In 2020 PBT is the radiation therapy technology of election for pediatric oncology patients. The evolution towards this practice status has been fast. A survey conducted between July 2017 and June 2018 in all proton centers treating pediatric patients in 2016 worldwide identified a total of 54 centers operating in 11 countries (Particle Therapy Co-Operative Group, PTCOG website). Among the 40 participating centers (74%), a total of 1860 patients were treated in 2016 (North America: 1205, Europe: 432, Asia: 223.

More than 30 pediatric tumor types were identified, mainly treated with curative intent. About half of the patients were treated with pencil beam scanning [18].

Pediatric cancer patients referred to proton therapy centers do benefit from expert dedicated highly specialized care both in terms of normal tissue protection to radiation exposure during treatment delivery and from early access to medical integral care and radiotherapy process (5 weeks median starting time) [19].

A critical milestone to facilitate long-term clinical outcomes research in the modern era has been achieved. The Pediatric Proton Consortium Registry (PPCR) has reported a total of 1854 patients enrolled from October 2012 until September 2017. The cohort is 55% male, 70% Caucasian, and comprised of 79% United States residents. Central nervous system (CNS) tumors were the most frequent group of diseases (61%). The most common non-CNS tumors diagnoses were: rhabdomyosarcoma (n = 191), Ewing sarcoma (n = 105), Hodgkin lymphoma (n = 66), and neuroblastoma (n = 55) (Table 1) [20].

AuthorsYearN° patientsStage histologyMultidisciplinarDose/N° fractionsProton techniqueObservations
Haas-Kogan [21]2018671Posterior fossa tumors: 57% medulloblastoma, 29% ependymoma, 14% gliomas and AT/RT*Evaluation of brainstem toxicity54–59.4 GyPBAverage rate of symptomatic brainstem toxicity 2.38%.
Mizumoto, [22]201762Head and neck (24), brain (22), body trunk (9), others (7)Evaluation of late toxicity10.8 to 81.2 Gy (median:50.4Gy). Standard fractionationPB5-, 10-, 20-year rates for grade ≥ 2 late toxicities: 18%, 35%, 45%.
No tumors within irradiated field
Mizumoto, [23]2016343Brain tumor (79), rhabdomyosarcoma(71), neuroblastoma(46), Ewing sarcoma(30), head and neck carcinoma(27),chordoma(14), brain stem tumor(17), cerebral arteriovenous malformation(8), others(51).Reirradiation ± surgery± concurrent chemotherapy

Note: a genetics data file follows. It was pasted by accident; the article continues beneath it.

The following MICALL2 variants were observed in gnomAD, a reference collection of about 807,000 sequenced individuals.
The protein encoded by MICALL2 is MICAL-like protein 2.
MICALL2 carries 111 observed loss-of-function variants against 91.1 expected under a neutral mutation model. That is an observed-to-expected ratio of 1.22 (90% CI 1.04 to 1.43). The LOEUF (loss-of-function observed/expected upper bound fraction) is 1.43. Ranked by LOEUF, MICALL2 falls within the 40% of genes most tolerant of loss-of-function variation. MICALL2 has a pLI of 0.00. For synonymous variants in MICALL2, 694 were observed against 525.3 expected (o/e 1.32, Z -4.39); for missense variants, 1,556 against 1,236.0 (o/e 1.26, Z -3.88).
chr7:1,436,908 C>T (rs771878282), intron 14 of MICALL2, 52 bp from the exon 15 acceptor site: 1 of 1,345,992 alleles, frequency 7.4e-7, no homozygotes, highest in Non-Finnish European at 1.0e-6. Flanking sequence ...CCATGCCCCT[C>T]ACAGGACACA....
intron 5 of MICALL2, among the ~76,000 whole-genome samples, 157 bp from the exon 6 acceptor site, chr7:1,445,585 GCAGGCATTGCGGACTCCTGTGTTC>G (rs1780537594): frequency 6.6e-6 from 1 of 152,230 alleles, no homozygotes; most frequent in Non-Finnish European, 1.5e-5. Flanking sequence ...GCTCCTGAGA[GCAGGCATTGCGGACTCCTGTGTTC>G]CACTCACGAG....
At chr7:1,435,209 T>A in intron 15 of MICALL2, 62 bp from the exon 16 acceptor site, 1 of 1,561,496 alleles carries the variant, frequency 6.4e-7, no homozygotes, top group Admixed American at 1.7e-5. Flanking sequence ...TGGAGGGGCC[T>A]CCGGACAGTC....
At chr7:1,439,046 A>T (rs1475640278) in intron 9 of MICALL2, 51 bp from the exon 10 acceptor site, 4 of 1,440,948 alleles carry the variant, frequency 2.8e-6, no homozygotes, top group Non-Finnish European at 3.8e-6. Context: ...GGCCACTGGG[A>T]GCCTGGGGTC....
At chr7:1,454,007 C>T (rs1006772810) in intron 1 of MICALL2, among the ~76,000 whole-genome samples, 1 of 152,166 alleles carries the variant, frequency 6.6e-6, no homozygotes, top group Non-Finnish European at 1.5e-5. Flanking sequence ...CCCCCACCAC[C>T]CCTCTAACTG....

Evaluation of efficacy and late toxicity
10.8 to 100 Gy (median:50.4Gy). Combination PBT and photon: 24PB ± PhotonSurvival rates 1-, 3-, 5-, 10-year: 82.7%, 67.4%, 61.4%, 58.7%. Toxicity: 52 events grade ≥ 2 in 43 pts. Grade 4 in 5pts.
Buszek, [24]201919Rhabdomyosarcoma: Bladder (14) and prostate (5).Chemotherapy ± surgical resection36.0–50.51 Gy(RBE) (median 50.4)/1.8PB5-year OS and PFS: 76%. 5-year LC for tumor >5 cm 43% vs. 100% for ≤5 cm (p = 0.006). Acute grade 2 toxicity in 2 pts. (11% proctitis).
Merchant, [25]200840Optic pathway glioma (10), craniopharyngioma (10), infratentorial ependymoma (10), medulloblastoma (10).Not reportedNot specified
Comparison of toxicity between PB and photons.
PB vs. PhotonPB lower the distribution of low and intermediate (0–20, 20–40 Gy). Large difference in overall dose distribution.
Antonini, [26]201739Glioma (10), medulloblastoma (14), germ cel tumor (9), craniopharyngioma (4), other(2)Not reported
Evaluation of neurocognitive effect of PB in attention, processing speed, and executive functioning
Median, range(Gy):
Focal: 50.40 (45.00–60.00)
CSI: 55.80 (45.00–55.80);
PBFocal: normal limits.
CSI: difficulties in underlying component skills (i.e, processing speed)
Kahalley, [27]2016150XRT: Glioma(8), medulloblastoma / PNET(28), ependymoma (13), germ cell tumor (3), other (8).
PBRT: Glioma (20), medulloblastoma/ PNET (34), ependymoma (4), germ cell tumor (17), other (15)
Comparison Intelligence Quotient (IQ) change after PBRT vs. XRT
(60 XRT, 90 PBRT)
Median, range(Gy):
Photon: 54.0 (30.6–59.4).
PBRT: 54.0 (30.0–60.0)
PB vs. PhotonPBRT: no change in IQ over time.
XRT: IQ declined by 1.1 points per year (P = .004).
IQ slopes did not differ between groups (P = .509
Taddei, [28]20189MedulloblastomaEstimate reductions in projected lifetime SMN incidence and mortality if treated with proton CSI vs. photon CSICSI 23.4 Gy-RBE in 1.8 Gy-RBE fractionsPB vs. PhotonRatio SMN incidence PB CSI to photon CSI: 0.56 (95% CI, 0.37 to 0.75)
Ratio SMN mortality PB CSI to photon CSI: 0.64 (95% CI, 0.45 to 0.82)
Peeler, [29]201634Ependymoma (supratentorial 10, infratentorial 24)After surgery
To determine if areas of normal tissue damage were associated with increased biological dose effectiveness.
54–59.4 GyPBImage changes dependence on increasing LET and dose. TD50 decreased with increasing LET = increase in biological dose effectiveness
Gunther [30]201572Ependymoma:
IMRT: 21 infratentorial
PBRT: 26 infratentorial
Postoperative RT ± chemotherapy before RT ± chemotherapy after RTMedian, range(Gy): IMRT 54.0 (50.4–59.4)
PB 59.4 (53.0–59.4)
PB and IMRTPBRT was associated with more frequent imaging changes(OR: 3.89, P < .024).
Sato, [31]201779Ependymoma (54 infratentorial)Postoperative RT ± chemotherapy after RT
(IMRT 38, PRT 41)
Median, range (cGy): IMRT: 5400 (5040–5940)
PB: 5580 (5040–5940)
PBT and IMRT3-year PFS rates were 60% and 82% with IMRT and PRT, respectively (P = .031)
Adesina, [32]201983Low grade glioma: Brainstem (19), cerebral hemispheres (6), thalamus (13), optic pathway/hypothalamus (29), other (16).Surgery ± chemotherapy
(IMRT 32, PBT 51)
Median, range (Gy): IMRT: 50.4 (45–59.4)
PBT: 50.4 (45–54)